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DRPS : Course Catalogue : Centre for Open Learning : Creative Arts

Undergraduate Course: Wire Jewellery (LLLA07148)

Course Outline
SchoolCentre for Open Learning CollegeCollege of Arts, Humanities and Social Sciences
Credit level (Normal year taken)SCQF Level 7 (Year 1 Undergraduate) AvailabilityNot available to visiting students
SCQF Credits10 ECTS Credits5
SummaryManipulate wire in different ways to create a wonderful variety of Jewellery, from rings and bangles to chunky chains and delicate earrings.
Course description Academic Description: During this course students will learn how to use wire to create a range of jewellery pieces, starting with a basic ring. Students will be encouraged to take an experimental approach to playing with wire, Earrings, Rings, Bracelets and Necklaces will all be possible as well as more sculptural objects. Students will design and produce their own personal projects using the techniques they have learnt.

Outline of Content: The course teaching is typically delivered over weekly class sessions of around 3 hours each and totaling 30 hours. Alternatively, the course can be delivered more intensely or as a block if required.

Over the class sessions the course will cover:
Demonstration and practice of manipulating and twisting wire, making jump rings, and soldering.
Look at and practice making a simple ring
Discussion of personal projects followed by experimentations and test pieces to develop ideas
Techniques needed to complete personal projects will be taught as required on a 1 to 1 basis
Production of personal project pieces

The Learning Experience: The teaching will be based and delivered in specialist art and design studios or workshops and will typically include a range of practical exercises, introductions to techniques, processes and concepts, and set projects which lead to more focused and personal exploration. Over the course, student progress will be monitored and supported by the tutor. Teaching will include practical demonstrations, one to one tuition, group discussions and critiques.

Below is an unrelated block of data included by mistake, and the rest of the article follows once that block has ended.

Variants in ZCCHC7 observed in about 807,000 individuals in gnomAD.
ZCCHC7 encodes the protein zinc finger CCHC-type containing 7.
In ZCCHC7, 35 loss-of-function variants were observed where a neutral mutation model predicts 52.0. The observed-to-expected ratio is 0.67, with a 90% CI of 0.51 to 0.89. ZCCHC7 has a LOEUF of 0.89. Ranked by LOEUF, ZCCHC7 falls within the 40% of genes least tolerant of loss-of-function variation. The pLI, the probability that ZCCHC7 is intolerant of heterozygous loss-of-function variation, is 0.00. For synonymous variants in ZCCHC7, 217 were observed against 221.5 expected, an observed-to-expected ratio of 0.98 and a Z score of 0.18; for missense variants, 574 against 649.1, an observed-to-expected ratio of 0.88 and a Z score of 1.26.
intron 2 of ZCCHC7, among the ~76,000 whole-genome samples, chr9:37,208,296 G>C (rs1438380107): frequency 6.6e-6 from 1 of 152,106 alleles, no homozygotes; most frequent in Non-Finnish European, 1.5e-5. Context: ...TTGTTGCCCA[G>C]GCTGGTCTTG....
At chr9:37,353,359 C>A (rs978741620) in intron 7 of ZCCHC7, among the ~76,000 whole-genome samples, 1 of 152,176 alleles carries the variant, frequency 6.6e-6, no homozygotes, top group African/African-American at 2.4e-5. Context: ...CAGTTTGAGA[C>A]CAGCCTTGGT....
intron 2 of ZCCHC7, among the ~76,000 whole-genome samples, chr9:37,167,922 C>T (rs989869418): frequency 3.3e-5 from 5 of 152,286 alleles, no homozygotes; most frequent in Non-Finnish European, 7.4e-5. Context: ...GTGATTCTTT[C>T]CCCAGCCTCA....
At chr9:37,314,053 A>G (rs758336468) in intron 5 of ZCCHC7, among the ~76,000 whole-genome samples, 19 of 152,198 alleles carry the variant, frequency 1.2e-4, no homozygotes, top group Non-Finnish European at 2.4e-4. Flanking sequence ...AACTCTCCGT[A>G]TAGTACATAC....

For work required to be undertaken after the class hours are complete, the course tutor will set students a 'directed study plan' which can be undertaken without the need for specialist workshops or access to models.

Directed study will include research into a range of suggested artists and their associated movements to engender a contextual awareness. Students are expected to demonstrate how their research has informed their work through annotated sketchbooks, a visual digital journal and practical outcomes.

The Directed Study Plan will include preparing evidence of research and practical work to form an appropriate presentation for assessment.
Entry Requirements (not applicable to Visiting Students)
Pre-requisites Co-requisites
Prohibited Combinations Other requirements None
Additional Costs Materials and equipment provided for students as part of the course and included in course fee:

Use of specialist jewellery workshop, tools and equipment including (but not limited to);
Jewellers saws
Hammers and Files
Pliers and Hand tools
Soldering equipment and materials
Forming tools - e.g. doming blocks, mandrels and steaks

Materials and equipment available for purchase during the course: (Estimated cost: £5-£50 depending of usage and metal prices)
Copper and Brass wire
Sterling Silver wire
Silver plated wire
Saw-blades of varying sizes
Sand paper

Essentials Materials and equipment students will need to provide themselves: (Estimated cost: £0 - £5)
Glasses if you need them for close up work
Research for personal projects

Additional recommended materials and equipment students can provide: (Estimated cost: £0 - £10 depending on usage)
Pencils / drawing equipment

Basic Tool List and Suppliers can be provided if the student wishes to purchase their own tools and materials for use at home.
Course Delivery Information
Academic year 2022/23, Not available to visiting students (SS1) Quota:  8
Course Start Lifelong Learning - Session 2
Timetable Timetable
Learning and Teaching activities (Further Info) Total Hours: 100 ( Supervised Practical/Workshop/Studio Hours 30, Programme Level Learning and Teaching Hours 2, Directed Learning and Independent Learning Hours 68 )
Assessment (Further Info) Written Exam 0 %, Coursework 100 %, Practical Exam 0 %